I’m Throwing My Eggs Into One Big Amazon Basket

amazon affiliate basket eggs-791463_960_720I’ve seen all of you authors struggling with the basketing of eggs question. Go exclusive with Amazon, join Kindle Unlimited, and maybe, possibly, at least that one guy is convinced, it will give you more visibility in the Amazon store. At least a few of your peers have said it worked for them, plus they picked up a few dollars they’d have never seen from borrows. Others report they’re doing great elsewhere, a few even selling more eBooks through Apple, Kobo, or Barnes & Noble.

I have a situation that is different. And yet maybe not. In any case I think explaining it will provide some insight into the indie book world that could be valuable for indie authors, especially when they’re wearing their marketing hat.

I’ll start with some history. When I first started thinking about starting my review site, the intent was to specialize in indie authors and books available for the Kindle. The tag line at the top of the page says, “Reviews and more from the world of the Kindle” and has said about the same thing since day one. (I’m not sure when this post will be running, but think it will be very close to the site’s five year anniversary which we’ll hit on January 23rd.) Going in I had no expectations of making money doing this, but had done enough legwork to realize there were ways to generate a little revenue, hopefully enough to defray any expenses with enough left over to take the grandkids out to dinner every month or two.

In a previous post, I explained some of the revenue opportunities for a blog such as mine. The main one was to generate income as an affiliate of Amazon. So before I started, I signed up to be an Amazon affiliate. I did the same with Barnes & Noble. From the start, each review I posted had a link to buy an eBook for the Kindle, the Nook, or what I identified as a DTB. (That’s a dead tree book although it turns out only eBook readers understood that. Those paper sniffers are so stuck in 2010.) Within a couple of months I decided to add buy links for Amazon’s UK site as well as Smashwords.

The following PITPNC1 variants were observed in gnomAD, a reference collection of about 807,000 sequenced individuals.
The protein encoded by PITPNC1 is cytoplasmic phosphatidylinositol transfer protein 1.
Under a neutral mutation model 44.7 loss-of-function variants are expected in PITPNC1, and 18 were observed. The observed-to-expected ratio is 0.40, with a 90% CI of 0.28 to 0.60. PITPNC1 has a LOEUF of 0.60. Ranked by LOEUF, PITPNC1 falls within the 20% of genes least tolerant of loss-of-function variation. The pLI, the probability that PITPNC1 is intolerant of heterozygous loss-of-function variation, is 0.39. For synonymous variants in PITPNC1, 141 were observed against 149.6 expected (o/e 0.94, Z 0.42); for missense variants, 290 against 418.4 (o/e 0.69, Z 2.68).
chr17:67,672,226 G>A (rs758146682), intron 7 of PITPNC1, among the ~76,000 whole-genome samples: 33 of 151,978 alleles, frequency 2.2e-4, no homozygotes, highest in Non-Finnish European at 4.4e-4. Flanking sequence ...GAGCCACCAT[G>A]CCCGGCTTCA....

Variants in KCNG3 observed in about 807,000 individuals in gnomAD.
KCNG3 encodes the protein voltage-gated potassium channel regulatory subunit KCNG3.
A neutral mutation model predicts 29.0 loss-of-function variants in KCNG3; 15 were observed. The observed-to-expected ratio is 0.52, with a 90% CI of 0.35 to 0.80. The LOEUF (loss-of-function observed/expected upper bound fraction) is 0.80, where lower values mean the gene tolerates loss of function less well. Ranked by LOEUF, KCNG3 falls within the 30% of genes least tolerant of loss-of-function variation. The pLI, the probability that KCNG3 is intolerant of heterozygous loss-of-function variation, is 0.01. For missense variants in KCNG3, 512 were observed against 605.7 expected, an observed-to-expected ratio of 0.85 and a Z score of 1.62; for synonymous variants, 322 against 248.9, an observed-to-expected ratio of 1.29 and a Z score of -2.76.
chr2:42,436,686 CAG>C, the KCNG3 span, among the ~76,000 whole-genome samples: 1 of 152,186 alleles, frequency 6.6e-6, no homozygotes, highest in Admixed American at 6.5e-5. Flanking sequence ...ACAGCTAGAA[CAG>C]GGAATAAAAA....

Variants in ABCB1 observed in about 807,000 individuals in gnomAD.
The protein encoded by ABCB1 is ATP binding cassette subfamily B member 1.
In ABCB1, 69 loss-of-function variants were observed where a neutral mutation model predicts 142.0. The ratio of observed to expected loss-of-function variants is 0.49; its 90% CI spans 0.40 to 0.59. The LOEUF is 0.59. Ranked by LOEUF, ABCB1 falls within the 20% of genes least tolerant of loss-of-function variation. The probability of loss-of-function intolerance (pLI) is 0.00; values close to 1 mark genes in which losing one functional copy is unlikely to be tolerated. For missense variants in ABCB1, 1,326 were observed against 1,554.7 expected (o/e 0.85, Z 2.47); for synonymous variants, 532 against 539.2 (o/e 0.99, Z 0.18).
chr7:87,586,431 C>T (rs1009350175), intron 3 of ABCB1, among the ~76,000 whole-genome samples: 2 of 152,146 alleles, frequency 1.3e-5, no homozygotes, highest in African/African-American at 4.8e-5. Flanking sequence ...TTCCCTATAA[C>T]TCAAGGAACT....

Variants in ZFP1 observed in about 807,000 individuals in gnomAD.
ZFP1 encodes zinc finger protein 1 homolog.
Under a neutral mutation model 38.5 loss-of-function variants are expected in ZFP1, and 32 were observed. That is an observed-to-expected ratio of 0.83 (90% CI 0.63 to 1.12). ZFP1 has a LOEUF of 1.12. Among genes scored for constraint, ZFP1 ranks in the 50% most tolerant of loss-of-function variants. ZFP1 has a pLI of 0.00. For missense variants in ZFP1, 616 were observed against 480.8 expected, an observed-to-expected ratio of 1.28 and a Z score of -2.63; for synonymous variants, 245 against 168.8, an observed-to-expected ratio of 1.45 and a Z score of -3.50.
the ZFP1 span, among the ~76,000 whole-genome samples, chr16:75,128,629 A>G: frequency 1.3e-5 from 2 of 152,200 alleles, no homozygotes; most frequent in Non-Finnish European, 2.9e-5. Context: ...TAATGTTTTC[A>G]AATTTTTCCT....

After almost five years operating like this, I made the decision to drop all buy links except those for the Kindle versions on Amazon’s flagship site and Amazon UK. If you’re wondering why there’s the short answer and then a longer one.

The short answer is: hardly anyone was using those other links. That’s not strictly true. Looking back over the last month, people have clicked on them, but the numbers aren’t very big and the percentage who actually end up buying is abysmal. Just after making the decision to do this, but before implementing the change, someone bought a book on Smashwords after clicking on one of my links. The previous Smashwords sell was in Februrary. Make that February of 2014. Barnes & Noble is a little better, but they have other issues.

The short answer seems like reason enough not to bother with the other links. While gathering the special affiliate links for each store doesn’t take much time, it is a hassle and the time adds up. If the pennies were adding up at a pace slightly faster than glacial, I might feel differently.